Borage (Borago officinalis) is not a culinary herb, or a particularly tidy herb, but one I love for its bright pink-to-blue star flowers and its power to attract beneficial insects. It's very easy to grow from seed and will reseed itself (whether you want it to or not!) Its edible flowers are gorgeous in salads. When I hung out in herbalist circles, they used to say, "Borage for courage".
There is something about borage that makes a garden happy. That sounds terrible anthropomorphic, I know, but subjectively it's true! It's just a crazy happy plant, and it attracts bees like nothing else.
Chives (Allium schoenoprasum) is a perennial with best flavor before it flowers. But the flowers are also edible and lovely in salads. It tastes a bit oniony, and goes well diced fresh on top of baked potatoes, pasta or rice.
Cilantro and Coriander (Coriandrum sativum) both come from the same plant. The leaves, chopped fresh in Latin and Asian dishes, are cilantro. After it flowers and goes to seed, the ground seeds are known as the spice coriander. It is fast growing and goes to seed quickly, so if you love it, do successive plantings every 2 or 3 weeks throughout the summer and fall.
I've read that cilantro can help chelate heavy metals out of the body, but who knows if this is true. It IS true that cilantro contains antioxidants and is anti-inflammatory.
People seem to either love or hate cilantro. The aldehydes it contains are similar to those contained in many soaps, and once the brain makes a "non-edible" association with a smell, it can be difficult to dislodge it. I used to hate cilantro, but now I love it! Tito (who's from Chile) makes a scrumptious pesto with it, full of other ingredients like tomatoes, onions, garlic and lemon. Turns out that when crushed, the aldehydes dissipate and the subtler flavors become apparent, which blend nicely with the other ingredients.
Dill (Anethum graviolens) is another easy-to-grow annual, tall, whispy and delicate. It attracts beneficial insects after it flowers.
Garlic (Allium sativum) is a fall-planted bulb. Put it in the ground in October, and plant the largest cloves you can find, individually. Our favorite is roha garlic. Garlic will let you know when it is ready to harvest sometime in June, because the stalks will start to turn yellow and dry up.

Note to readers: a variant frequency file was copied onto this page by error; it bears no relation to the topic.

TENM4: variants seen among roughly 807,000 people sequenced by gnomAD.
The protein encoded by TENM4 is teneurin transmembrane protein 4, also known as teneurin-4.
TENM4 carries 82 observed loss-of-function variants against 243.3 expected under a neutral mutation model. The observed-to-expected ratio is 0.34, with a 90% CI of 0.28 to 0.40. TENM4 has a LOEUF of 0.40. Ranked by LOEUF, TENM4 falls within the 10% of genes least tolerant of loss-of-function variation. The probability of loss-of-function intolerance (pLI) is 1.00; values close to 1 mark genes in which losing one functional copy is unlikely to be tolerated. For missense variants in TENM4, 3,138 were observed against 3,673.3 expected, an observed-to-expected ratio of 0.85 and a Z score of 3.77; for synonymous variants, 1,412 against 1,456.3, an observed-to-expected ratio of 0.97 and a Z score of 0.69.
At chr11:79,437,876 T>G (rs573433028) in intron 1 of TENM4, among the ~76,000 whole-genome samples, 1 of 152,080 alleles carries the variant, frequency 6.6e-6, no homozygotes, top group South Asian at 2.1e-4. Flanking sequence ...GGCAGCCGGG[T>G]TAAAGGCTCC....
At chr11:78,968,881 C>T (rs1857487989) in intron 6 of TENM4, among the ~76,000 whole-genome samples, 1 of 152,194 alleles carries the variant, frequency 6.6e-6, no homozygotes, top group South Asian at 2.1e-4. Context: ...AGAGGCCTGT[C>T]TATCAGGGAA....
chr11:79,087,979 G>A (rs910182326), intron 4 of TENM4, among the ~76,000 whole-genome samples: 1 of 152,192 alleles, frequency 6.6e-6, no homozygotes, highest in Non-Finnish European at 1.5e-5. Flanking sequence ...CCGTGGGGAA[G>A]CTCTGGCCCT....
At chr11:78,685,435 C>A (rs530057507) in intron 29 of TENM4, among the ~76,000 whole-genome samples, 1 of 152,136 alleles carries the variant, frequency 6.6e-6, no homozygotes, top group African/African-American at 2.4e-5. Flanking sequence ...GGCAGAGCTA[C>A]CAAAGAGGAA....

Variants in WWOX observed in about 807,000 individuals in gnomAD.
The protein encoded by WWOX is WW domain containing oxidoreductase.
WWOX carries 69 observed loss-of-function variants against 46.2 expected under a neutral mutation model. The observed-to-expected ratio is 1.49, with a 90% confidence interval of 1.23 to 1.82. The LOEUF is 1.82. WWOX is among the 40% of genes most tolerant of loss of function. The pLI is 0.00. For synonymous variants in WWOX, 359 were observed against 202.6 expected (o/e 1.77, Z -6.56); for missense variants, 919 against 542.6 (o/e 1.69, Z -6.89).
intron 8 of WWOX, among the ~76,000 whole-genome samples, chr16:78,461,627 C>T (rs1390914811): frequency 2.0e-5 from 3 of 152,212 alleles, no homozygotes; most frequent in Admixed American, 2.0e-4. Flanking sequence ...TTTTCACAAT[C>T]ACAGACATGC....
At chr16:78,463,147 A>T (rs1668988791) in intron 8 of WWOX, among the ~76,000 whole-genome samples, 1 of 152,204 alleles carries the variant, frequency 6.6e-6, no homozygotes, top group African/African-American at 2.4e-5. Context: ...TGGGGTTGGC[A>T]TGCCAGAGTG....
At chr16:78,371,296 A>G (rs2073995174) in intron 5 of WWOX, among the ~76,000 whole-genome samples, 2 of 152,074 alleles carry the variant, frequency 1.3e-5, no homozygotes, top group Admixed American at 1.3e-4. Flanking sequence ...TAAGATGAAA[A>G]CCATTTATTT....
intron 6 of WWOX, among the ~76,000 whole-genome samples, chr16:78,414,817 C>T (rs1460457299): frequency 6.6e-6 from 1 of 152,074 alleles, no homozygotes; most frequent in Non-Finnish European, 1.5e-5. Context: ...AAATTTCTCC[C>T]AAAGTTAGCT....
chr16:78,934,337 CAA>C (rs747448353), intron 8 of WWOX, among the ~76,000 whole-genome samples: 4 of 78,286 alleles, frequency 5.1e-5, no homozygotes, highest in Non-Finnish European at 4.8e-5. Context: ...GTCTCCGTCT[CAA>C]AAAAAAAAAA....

Dig the bulbs, shake the dirt off, and hang to dry in a cool dark place. Or make a garlic braid!
Marjoram (Origanum majorana) belongs to the same genus as oregano, but is a different species. It tastes a bit different than oregano, and the plant tends to be more compact. Its flower buds form little bracts at the top of a stem before they open, which together look a bit like a teeny pine cone. Its growing requirements are the same as oregano: not too much water, no fertilizer, not much compost, and a good mulch with leaves in a harsh winter.
Marjoram tastes a bit sweeter and milder than oregano, without oregano's peppery bite.
Mints (Mentha sp.) There are even more varieties of mint than there are basil, and that’s saying something! Whichever mint you choose, prepare to isolate or contain it, because it is a very “high chi” plant that will become invasive if not cut back regularly. I grow chocolate mint, which does indeed have a bit of a chocolatey aftertaste, and which goes great in coffee. (Kind of a mint mocha!)
Mint is the easiest growing herb there is... it takes over on its own, if there is dirt and water anywhere around!
Oregano (Oreganum vulgare) is actually a genus of plants that contains many species and sub-varieties, hence marjoram, Turkish oregano, Greek oregano, European oregano, Syrian oregano and common oregano. ("Mexican oregano" isn't really oregano, but rather a similar flavored plant from a different genus).
Oregano is one of the wild and woody perennials that likes well-drained soil, and not too much compost. It’s most at home when “roughing it”. It tends to grow a little larger and more upright than marjoram, and doesn't do the "teeny pine cone" thing when it's getting ready to flower.